What Facility Managers Can Learn About Request Management from IT

facilities management IT request management

The worlds of IT and facilities management share an emphasis on effective processes, use of technology and handling numerous requests. Although the two fields differ in the services they provide, many aspects of IT can help facility managers better handle and manage the requests that come their way. Here are five IT practices that facility managers can learn to improve their own request management systems.

 

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Specialized tools simplify the process

ticketing software requests facility management

There are many popular IT ticketing systems like JIRA and Freshdesk. Using software that is designed to handle requests is a staple of IT, which facility managers can incorporate to decrease the amount of manual work and reduce the risk of human error. These tools allow you to base your request system on a more technical foundation and can help keep a sense of consistency for both your team and those who've submitted requests.

A single gatekeeper maintains consistency

single gatekeeper request management

Having a single channel for all facility requests may seem like a daunting task, but it comes with many benefits. A single point of contact allows teams to get a better sense of all pending requests and to prioritize them accordingly. IT gatekeepers typically assess an incoming request and then link them to a specific technician or service based on the type of issue and the internal resources available. This can help reduce strain on limited resources and lower the number of potential conflicts between different service providers.

 

Integrated teams keep requests organized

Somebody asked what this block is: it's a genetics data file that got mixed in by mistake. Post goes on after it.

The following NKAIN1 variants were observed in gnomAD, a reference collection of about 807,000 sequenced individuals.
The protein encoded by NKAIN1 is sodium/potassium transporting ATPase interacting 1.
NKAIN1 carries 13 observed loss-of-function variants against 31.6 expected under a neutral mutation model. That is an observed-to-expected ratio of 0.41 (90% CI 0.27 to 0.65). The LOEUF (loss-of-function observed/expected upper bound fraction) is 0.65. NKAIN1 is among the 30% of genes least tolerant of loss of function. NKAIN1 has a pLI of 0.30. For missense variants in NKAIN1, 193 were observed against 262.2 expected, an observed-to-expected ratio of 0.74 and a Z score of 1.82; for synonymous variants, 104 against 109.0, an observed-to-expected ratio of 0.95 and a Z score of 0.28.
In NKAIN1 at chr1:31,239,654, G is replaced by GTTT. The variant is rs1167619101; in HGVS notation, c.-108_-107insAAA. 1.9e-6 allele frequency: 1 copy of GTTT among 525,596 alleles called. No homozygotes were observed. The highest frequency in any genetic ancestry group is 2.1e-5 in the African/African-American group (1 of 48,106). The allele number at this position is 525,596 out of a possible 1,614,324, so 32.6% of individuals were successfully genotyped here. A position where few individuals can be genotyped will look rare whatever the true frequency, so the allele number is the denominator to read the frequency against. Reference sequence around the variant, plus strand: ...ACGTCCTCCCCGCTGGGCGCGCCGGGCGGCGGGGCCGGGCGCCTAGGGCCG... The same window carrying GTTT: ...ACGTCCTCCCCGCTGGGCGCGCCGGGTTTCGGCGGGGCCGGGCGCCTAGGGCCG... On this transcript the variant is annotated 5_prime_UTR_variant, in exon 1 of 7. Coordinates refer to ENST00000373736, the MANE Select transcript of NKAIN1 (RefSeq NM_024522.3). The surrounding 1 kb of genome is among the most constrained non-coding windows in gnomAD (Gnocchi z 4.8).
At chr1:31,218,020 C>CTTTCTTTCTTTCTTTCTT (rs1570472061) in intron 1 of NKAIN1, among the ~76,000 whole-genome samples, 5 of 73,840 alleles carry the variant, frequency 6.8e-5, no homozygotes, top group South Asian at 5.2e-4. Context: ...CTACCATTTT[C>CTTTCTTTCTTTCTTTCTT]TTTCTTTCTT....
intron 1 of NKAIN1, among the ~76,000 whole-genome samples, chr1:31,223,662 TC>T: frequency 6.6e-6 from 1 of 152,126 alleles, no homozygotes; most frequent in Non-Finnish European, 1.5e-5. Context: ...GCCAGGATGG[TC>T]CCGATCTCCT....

integrated team requestment management

A key issue in request management is the need to coherently organize and integrate multiple services. Teams that provide different services within an organization may share crucial resources but lack an established communication system—and this can lead to a sense of chaos when trying to coordinate a service for a request. 

Facility managers can avoid chaos by establishing a standard communication protocol with different teams who handle different requests, such as room requests, equipment requests and facility-specific suggestions.

Teams who have a clear understanding of how their services interact with each other and keep each other up-to date will find their work becoming a clearer process overall.

Feedback improves the process

phone feedback requestment management

IT systems often employ automated emails that are linked to the completion of a specific task completed by a technician. This works best when there's a clear workflow that outlines events like the creation and resolution of a ticket as well as transfers to different service teams.

Facility managers can develop their systems to match key points in their office's request process, which allows requesters to provide feedback as well.

Requesters will also learn to make more effective requests and avoid conflicts between your team and them.

Relevant metrics show what areas need improvement

request management data metrics

IT management software often tracks performance information and other important metrics. Tracking this data can help you find areas in your request management system that need improvement. Before monitoring metrics, determine which ones are relevant to your needs, such as number of new tickets, what times of the month are requests normally submitted and how many requests are fulfilled in a week.

Analyzing relevant data will help you see, for example, if you're receiving more requests than you're able to address.

IT request management is an established field with heavy research and industry insights built into it. Not all IT practices can be applied to facilities management, but many principals like user feedback and emphasis on technical processes can help facility managers shape more effective request management systems for their own offices.

 

Photos: Startup Stock Photos, Kaboompics, George Yanakiev, Jeffrey Betts, Benjamin Child